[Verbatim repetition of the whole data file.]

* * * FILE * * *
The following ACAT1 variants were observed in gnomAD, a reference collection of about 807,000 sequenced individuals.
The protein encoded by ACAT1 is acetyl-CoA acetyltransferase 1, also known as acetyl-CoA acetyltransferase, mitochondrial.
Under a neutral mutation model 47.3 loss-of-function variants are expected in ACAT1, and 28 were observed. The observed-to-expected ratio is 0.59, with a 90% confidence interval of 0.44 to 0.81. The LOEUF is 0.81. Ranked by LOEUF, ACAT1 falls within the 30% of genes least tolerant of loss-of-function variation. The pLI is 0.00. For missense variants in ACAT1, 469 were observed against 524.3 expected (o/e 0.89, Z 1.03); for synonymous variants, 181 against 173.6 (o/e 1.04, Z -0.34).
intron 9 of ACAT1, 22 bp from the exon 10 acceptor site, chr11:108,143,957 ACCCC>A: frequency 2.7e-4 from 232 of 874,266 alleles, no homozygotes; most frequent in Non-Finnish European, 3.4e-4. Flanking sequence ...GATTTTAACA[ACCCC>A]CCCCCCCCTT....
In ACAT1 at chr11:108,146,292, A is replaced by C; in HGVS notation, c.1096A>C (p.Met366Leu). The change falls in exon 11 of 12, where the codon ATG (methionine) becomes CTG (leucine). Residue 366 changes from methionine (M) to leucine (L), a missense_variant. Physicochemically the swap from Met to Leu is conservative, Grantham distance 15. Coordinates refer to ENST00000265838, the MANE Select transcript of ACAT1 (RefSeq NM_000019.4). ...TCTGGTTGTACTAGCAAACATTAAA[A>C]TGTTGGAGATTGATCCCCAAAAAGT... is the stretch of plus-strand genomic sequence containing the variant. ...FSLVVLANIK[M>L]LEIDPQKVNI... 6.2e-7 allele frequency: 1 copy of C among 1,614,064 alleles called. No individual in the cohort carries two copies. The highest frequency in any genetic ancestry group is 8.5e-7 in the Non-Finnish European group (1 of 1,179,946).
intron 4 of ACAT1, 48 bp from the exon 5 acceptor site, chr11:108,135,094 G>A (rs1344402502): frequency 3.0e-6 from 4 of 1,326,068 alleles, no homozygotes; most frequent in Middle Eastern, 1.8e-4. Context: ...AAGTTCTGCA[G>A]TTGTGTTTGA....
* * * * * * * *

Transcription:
The following ACAT1 variants were observed in gnomAD, a reference collection of about 807,000 sequenced individuals.
The protein encoded by ACAT1 is acetyl-CoA acetyltransferase 1, also known as acetyl-CoA acetyltransferase, mitochondrial.
Under a neutral mutation model 47.3 loss-of-function variants are expected in ACAT1, and 28 were observed. The observed-to-expected ratio is 0.59, with a 90% confidence interval of 0.44 to 0.81. The LOEUF is 0.81. Ranked by LOEUF, ACAT1 falls within the 30% of genes least tolerant of loss-of-function variation. The pLI is 0.00. For missense variants in ACAT1, 469 were observed against 524.3 expected (o/e 0.89, Z 1.03); for synonymous variants, 181 against 173.6 (o/e 1.04, Z -0.34).
intron 9 of ACAT1, 22 bp from the exon 10 acceptor site, chr11:108,143,957 ACCCC>A: frequency 2.7e-4 from 232 of 874,266 alleles, no homozygotes; most frequent in Non-Finnish European, 3.4e-4. Flanking sequence ...GATTTTAACA[ACCCC>A]CCCCCCCCTT....
In ACAT1 at chr11:108,146,292, A is replaced by C; in HGVS notation, c.1096A>C (p.Met366Leu). The change falls in exon 11 of 12, where the codon ATG (methionine) becomes CTG (leucine). Residue 366 changes from methionine (M) to leucine (L), a missense_variant. Physicochemically the swap from Met to Leu is conservative, Grantham distance 15. Coordinates refer to ENST00000265838, the MANE Select transcript of ACAT1 (RefSeq NM_000019.4). ...TCTGGTTGTACTAGCAAACATTAAA[A>C]TGTTGGAGATTGATCCCCAAAAAGT... is the stretch of plus-strand genomic sequence containing the variant. ...FSLVVLANIK[M>L]LEIDPQKVNI... 6.2e-7 allele frequency: 1 copy of C among 1,614,064 alleles called. No individual in the cohort carries two copies. The highest frequency in any genetic ancestry group is 8.5e-7 in the Non-Finnish European group (1 of 1,179,946).
intron 4 of ACAT1, 48 bp from the exon 5 acceptor site, chr11:108,135,094 G>A (rs1344402502): frequency 3.0e-6 from 4 of 1,326,068 alleles, no homozygotes; most frequent in Middle Eastern, 1.8e-4. Context: ...AAGTTCTGCA[G>A]TTGTGTTTGA....